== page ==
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|Title: ||Denying intimacy: the role of reason and institutional order in the lives of people with an intellectual disability|
|Authors: ||Klotz, Jani Frances|
|Keywords: ||intellectual disability;disability studies;anthropology|
|Issue Date: ||2001|
|Publisher: ||University of Sydney. Anthropology|
|Abstract: ||This thesis explores differences in the ways that intellectually disabled people are perceived, interpreted and related to within a Western context. Through a comparison of familial and institutionalised forms of relatedness, it examines the interrelation between these differences and the consequences that they have for either denying or acknowledging severely intellectually disabled people's capacities for sociality. Drawing on Carrithers' (1992) concept of sociality and mutuality, and Wittgenstein's (1953) notion of language games, the thesis analyses the means by which a meaningful and shared existence with intellectually disabled people can be negotiated and developed. Although limited and restricted in their capacities for symbolic expression, such people do have modalities of symbolic life upon which sociality can be built. By analysing the symbolic practices utilised by my three profoundly intellectually disabled siblings, I seek to show how relationships across the difference of intellectual disability are able to be symbolically mediated and negotiated. I argue that it is necessary to engage in relations of mutual interdependence in order to even recognise and perceive these practices as purposeful and meaningful. The mutuality that ensues requires a level of intimacy, empathy and commitment that is not easily sustainable, but which is necessary for the maintenance of intellectually disabled people's existence as social beings. These intimate relations are contrasted with clinical and institutional forms of relatedness, both of which have been informed and shaped by a symbolic scheme of reason and normality. This symbolic scheme associates a capacity for reason with normal humanness, where reason is identified as particular abstract, linguistic, mental practices that are then deemed necessary for sociality. These are what intelligence tests measure, and it is through such assessments that intellectually disabled people are rendered asocial. The pathologising of intellectual disability as an abnormal embodiment, and the clinical tendency to search only for deficits in functioning and ability, has led to a denial or ignorance of intellectually disabled people's abilities to be the independent sustainers and authors of mutuality and sociality. I draw on my family's medical notes, records from the institution where two of my siblings were sent to live, as well as observations made during twelve months of fieldwork with a group of intellectually disabled people attending an activities centre, and either living in community group homes or with their families, to elucidate the ways in which such interpretations of intellectual disability become instituted into daily practice. The instituting of training and management practices within day centres, group homes and institutions for the intellectually disabled are a consequence of the perception that intellectually disabled people have no capacity for sociality as they are. So too are the legal and structural obligations that inform the forms of relatedness that staff have with the intellectually disabled people with whom they work. These relations are based on separation and disengagement rather than mutuality and intimacy. The aim in these institutionalised environments is to instil in such people a range of normative social, domestic and vocational skills as though it is upon these that their capacity as social beings are dependent. As a result, the symbolic practices and dispositional behaviours through which intellectually disabled people express themselves are not recognised as such, nor are they engaged with. This undermines intellectually disabled people's capacity to be joint contributors to social life in a way which incorporates their differences rather than trying to transform them.|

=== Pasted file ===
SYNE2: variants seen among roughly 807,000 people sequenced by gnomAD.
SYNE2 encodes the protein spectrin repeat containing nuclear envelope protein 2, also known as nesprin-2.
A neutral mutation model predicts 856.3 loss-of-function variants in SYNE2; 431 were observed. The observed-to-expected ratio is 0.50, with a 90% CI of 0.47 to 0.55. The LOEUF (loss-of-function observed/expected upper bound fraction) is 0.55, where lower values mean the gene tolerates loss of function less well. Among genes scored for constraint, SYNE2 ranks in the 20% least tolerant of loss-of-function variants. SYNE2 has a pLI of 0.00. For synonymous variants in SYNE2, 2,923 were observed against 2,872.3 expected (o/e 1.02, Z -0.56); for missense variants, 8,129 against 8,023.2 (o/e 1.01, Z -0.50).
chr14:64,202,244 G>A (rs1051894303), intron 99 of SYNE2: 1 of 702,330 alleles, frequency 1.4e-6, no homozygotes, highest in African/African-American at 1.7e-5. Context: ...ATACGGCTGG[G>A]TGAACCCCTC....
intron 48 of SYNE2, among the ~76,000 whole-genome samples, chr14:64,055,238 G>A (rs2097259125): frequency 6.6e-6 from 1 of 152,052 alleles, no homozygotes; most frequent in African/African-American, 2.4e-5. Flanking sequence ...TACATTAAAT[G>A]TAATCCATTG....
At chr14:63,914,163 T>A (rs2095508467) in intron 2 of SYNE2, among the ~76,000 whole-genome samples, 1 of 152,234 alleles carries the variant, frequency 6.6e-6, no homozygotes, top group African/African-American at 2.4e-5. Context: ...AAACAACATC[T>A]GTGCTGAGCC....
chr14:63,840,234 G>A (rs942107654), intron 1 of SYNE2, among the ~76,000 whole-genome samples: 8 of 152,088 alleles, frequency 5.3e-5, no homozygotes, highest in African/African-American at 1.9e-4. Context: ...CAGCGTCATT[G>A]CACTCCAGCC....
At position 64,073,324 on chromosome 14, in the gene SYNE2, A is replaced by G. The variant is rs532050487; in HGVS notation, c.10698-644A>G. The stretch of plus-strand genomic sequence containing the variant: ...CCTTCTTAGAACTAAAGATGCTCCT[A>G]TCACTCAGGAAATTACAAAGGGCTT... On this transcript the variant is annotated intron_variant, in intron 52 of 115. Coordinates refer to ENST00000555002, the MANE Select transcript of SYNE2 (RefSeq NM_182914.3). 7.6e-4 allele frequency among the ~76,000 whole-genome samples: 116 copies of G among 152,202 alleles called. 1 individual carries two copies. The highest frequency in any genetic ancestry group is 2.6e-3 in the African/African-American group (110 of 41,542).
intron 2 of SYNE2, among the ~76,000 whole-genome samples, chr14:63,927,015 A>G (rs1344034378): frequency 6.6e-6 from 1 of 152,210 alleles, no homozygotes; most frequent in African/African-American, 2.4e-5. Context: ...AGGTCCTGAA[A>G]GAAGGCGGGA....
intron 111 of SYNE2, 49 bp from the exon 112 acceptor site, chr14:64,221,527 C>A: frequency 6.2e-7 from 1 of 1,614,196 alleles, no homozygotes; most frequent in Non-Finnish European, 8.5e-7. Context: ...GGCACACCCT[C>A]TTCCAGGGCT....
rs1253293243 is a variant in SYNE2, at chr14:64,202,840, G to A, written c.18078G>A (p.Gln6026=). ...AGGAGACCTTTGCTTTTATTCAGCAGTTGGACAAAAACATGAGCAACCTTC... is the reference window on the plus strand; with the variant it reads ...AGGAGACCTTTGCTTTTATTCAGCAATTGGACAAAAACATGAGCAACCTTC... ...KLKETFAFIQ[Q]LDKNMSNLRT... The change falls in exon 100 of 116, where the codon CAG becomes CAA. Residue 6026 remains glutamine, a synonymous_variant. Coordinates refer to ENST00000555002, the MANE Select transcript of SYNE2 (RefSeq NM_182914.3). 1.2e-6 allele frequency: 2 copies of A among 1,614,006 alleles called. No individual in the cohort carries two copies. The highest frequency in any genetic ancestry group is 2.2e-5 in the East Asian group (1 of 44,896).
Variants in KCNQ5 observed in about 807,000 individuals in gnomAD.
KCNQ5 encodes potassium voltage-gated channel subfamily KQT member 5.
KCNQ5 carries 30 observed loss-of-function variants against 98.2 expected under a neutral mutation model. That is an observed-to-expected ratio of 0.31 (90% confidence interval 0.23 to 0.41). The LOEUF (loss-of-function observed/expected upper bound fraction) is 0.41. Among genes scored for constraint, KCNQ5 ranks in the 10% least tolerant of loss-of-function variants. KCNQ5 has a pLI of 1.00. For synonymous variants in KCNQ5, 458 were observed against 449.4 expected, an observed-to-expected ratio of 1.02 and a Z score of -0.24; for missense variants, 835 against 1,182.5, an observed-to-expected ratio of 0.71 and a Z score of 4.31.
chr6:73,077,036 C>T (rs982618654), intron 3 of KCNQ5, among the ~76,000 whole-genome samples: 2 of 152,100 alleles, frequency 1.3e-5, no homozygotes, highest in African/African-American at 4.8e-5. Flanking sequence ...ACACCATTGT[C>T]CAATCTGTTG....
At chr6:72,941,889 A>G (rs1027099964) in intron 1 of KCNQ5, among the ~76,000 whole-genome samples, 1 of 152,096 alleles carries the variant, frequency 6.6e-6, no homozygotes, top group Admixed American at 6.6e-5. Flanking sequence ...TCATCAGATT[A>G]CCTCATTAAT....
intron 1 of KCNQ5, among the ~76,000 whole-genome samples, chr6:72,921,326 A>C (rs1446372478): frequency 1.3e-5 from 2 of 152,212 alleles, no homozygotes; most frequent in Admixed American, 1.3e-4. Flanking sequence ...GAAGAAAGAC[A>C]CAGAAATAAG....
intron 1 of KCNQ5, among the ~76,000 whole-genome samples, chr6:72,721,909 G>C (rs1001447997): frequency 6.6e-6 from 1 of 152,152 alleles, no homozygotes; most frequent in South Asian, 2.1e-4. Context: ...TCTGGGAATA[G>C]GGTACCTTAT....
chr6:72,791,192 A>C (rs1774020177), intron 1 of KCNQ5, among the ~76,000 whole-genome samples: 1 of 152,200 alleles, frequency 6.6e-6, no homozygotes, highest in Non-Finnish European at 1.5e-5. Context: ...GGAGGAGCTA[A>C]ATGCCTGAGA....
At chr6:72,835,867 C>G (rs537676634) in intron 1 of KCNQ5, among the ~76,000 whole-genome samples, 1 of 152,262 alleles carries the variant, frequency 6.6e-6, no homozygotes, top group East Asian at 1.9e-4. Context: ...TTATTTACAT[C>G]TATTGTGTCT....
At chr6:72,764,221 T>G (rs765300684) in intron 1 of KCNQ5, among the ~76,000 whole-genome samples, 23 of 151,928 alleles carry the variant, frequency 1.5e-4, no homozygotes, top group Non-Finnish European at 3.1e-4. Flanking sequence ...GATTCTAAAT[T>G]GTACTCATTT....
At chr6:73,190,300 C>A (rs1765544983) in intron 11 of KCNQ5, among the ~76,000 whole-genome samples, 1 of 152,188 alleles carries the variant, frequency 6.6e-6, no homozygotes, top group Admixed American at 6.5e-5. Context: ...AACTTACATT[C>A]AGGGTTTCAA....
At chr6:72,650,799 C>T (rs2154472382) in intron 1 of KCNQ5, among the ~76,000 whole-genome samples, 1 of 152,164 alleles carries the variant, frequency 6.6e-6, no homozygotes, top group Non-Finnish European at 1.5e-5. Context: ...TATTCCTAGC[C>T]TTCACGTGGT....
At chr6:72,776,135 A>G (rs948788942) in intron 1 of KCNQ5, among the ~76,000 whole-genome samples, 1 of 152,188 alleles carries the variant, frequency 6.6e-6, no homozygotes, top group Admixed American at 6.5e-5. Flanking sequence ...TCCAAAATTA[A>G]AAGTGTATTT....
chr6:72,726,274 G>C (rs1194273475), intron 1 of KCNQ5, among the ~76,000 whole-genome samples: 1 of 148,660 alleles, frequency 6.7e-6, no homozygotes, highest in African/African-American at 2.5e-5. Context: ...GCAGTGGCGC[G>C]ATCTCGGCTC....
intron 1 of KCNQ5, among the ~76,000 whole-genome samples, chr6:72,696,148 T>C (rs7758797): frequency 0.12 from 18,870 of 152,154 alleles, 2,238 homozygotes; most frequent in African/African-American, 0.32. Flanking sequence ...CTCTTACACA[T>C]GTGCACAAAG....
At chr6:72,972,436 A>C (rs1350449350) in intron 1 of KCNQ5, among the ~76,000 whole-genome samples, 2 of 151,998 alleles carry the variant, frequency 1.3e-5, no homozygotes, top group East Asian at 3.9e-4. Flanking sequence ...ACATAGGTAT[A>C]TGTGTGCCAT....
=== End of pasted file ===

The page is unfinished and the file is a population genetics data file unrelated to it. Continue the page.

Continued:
|Rights and Permissions: ||Copyright Klotz, Jani Frances;http://www.library.usyd.edu.au/copyright.html|
|Appears in Collections:||Sydney Digital Theses (Open Access)|
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